New Study Suggests Re-Thinking How You Train Your Dog
Those of us who know and love dogs don't need scientific proof that dogs love us. But the results of a recent study may provide hard evidence that dogs are capable of feeling complex emotions, particularly love and attachment.
Emory University neuroscientist Gregory Burns and his colleagues analyzed the results of brain scans on dozens of dogs. This was the first time that scans were able to be completed on dogs that were not under any type of anesthesia. The scientists wanted to study how the dog's brain functions when presented with different stimuli, which would be impossible with an anesthetized dog.
The study's findings may not be surprising to many of us, but they certainly affirm the fact that dogs do feel love and attachment towards humans. The study showed that the caudate, the area of the brain in humans that is activated when humans feel love, also activates in dogs when their owner returns after a brief separation.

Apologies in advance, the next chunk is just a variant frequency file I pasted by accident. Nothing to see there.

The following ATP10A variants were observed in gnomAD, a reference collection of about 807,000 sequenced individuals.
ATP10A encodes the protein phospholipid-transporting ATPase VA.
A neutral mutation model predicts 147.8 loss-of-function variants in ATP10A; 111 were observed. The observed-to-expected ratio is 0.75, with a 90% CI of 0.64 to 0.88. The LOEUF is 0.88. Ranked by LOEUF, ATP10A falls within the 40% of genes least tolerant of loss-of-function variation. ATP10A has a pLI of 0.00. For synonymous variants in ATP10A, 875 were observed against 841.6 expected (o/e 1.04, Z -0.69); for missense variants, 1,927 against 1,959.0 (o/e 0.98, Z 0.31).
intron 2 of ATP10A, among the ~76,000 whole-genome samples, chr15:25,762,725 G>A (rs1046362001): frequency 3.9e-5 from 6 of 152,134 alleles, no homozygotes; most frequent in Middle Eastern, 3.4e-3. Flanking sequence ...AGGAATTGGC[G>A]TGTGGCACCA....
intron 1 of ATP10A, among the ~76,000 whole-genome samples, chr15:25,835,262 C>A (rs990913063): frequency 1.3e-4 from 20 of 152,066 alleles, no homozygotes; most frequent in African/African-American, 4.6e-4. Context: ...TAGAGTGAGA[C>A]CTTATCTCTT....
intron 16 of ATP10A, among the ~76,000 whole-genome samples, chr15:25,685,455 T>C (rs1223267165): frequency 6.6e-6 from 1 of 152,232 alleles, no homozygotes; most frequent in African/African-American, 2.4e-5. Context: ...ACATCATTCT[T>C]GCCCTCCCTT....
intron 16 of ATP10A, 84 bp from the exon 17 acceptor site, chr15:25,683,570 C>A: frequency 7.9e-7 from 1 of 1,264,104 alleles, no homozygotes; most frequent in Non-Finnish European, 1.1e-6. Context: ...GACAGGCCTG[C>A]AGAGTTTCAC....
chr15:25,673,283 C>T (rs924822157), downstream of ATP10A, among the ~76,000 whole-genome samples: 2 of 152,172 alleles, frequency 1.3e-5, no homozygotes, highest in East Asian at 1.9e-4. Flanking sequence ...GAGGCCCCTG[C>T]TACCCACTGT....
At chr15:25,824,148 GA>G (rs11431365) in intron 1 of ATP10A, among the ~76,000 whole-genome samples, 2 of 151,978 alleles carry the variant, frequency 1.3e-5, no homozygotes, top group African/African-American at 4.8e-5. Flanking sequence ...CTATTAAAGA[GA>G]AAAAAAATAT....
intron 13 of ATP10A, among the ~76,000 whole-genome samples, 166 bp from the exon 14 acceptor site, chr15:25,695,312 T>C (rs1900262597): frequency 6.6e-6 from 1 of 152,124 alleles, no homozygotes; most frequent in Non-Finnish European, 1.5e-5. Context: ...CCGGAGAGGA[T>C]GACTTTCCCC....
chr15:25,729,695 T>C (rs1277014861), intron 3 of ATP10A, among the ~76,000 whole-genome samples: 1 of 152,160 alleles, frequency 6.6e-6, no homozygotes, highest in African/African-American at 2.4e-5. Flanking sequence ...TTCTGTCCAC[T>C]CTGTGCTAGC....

Burns concludes that these findings suggest that dogs have a level of sentience comparable to that of a human child, which calls for a rethinking of how we treat dogs. For me, the study validates the importance of using positive training methods and further fuels the battle against shock collars and other aversive devices. Since dogs have an incredible ability to think and learn, we should harness those abilities through force-free training, rather than subject them to unnecessary and ineffective aversive training methods that only serve to shut down their desire to think and learn.